Alcohol dependence (Alcoholism)
- Alcoholism as an addiction.
- Profile of an alcoholic.
- Alcoholism as a disease that affects everyone.
- Cultural issue.
- Self-led, social support of other recovering alcoholics.
- In-patient treatment centers.
- Specific Russian treatment.
- Alternative medicines.
- Church's response.
- Practical implications.
The DSM IV refer to the terms "addiction", "dependence" and "alcoholism" interchangeably to mean individuals who have impaired control or dependence over drug use, and continue to behave in a manner which may previously have caused problems for the individual. The relationship with the drug is paramount for the user in all kinds of situations. Psychologically, the individual is obsessed with the drug and generate a compulsion to drink. Physiologically the neuro-chemical action takes over the rationale brain action (American Psychiatric Association 1994)
[...] Children who grow up with alcoholic parents are most likely to turn to alcohol for the same reasons (Al-Anon 2005). These grave consequences of alcoholism have motivated the society's gatekeepers to resolve the disease from spreading and disturbing social norms. Two famous groups have formed namely Alcoholic Anonymous and Al- Anon derived from AA. Both organizations are voluntary organizations formed with the aim to support individuals who want to stop drinking. Given the proliferation of alcoholism from a very young age, a sister concern of Al- Anon has formed Alateen for youngsters with the same problem. [...]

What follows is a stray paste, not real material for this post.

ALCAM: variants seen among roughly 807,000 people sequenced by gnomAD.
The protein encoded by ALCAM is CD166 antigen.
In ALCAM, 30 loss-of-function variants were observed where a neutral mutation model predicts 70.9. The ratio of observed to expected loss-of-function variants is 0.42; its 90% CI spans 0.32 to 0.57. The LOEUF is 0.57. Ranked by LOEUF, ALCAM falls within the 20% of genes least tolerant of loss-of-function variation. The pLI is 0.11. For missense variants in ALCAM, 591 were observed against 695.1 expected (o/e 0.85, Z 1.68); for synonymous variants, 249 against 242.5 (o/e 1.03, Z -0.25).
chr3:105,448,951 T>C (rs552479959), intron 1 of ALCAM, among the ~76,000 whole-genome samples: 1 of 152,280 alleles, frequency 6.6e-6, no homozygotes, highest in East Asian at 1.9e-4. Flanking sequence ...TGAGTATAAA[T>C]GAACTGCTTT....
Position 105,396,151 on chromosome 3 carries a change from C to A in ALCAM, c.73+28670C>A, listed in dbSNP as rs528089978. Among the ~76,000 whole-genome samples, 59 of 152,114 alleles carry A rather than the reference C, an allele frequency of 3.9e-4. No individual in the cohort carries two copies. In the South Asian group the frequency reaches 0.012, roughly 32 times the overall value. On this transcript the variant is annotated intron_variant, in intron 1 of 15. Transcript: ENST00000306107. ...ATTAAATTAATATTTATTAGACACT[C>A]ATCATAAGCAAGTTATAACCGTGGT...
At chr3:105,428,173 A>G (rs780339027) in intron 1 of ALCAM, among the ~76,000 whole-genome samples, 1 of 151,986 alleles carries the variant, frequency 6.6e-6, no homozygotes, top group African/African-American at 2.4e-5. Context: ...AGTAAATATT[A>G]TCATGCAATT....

[...] Lancet i:1435?1439 Alcohol Alert (October 2000). New Advances in Alcoholism Treatment. National Institute on Alcohol Abuse and Alcoholism No Walsh, N.P.(October 26, 2003). Russia's child alcoholics get their own clinic. The Observer. Accessed on 1-9-2005 available at: http://observer.guardian.co.uk/international/story/0,6903,1071181,00.html Author not available, (2005). Russia: alcohol yesterday and today, Society for the Study of Addiction 146?149 American Psychiatric Association. (1994). Diagnostic and Statistical Manual of Mental Disorders (4th ed.) (DSM-IV). Washington, D.C.: APA. Author not available, (2001). Medical Council on Alcohol. Alcohol and Alcoholism Vol No pp. [...]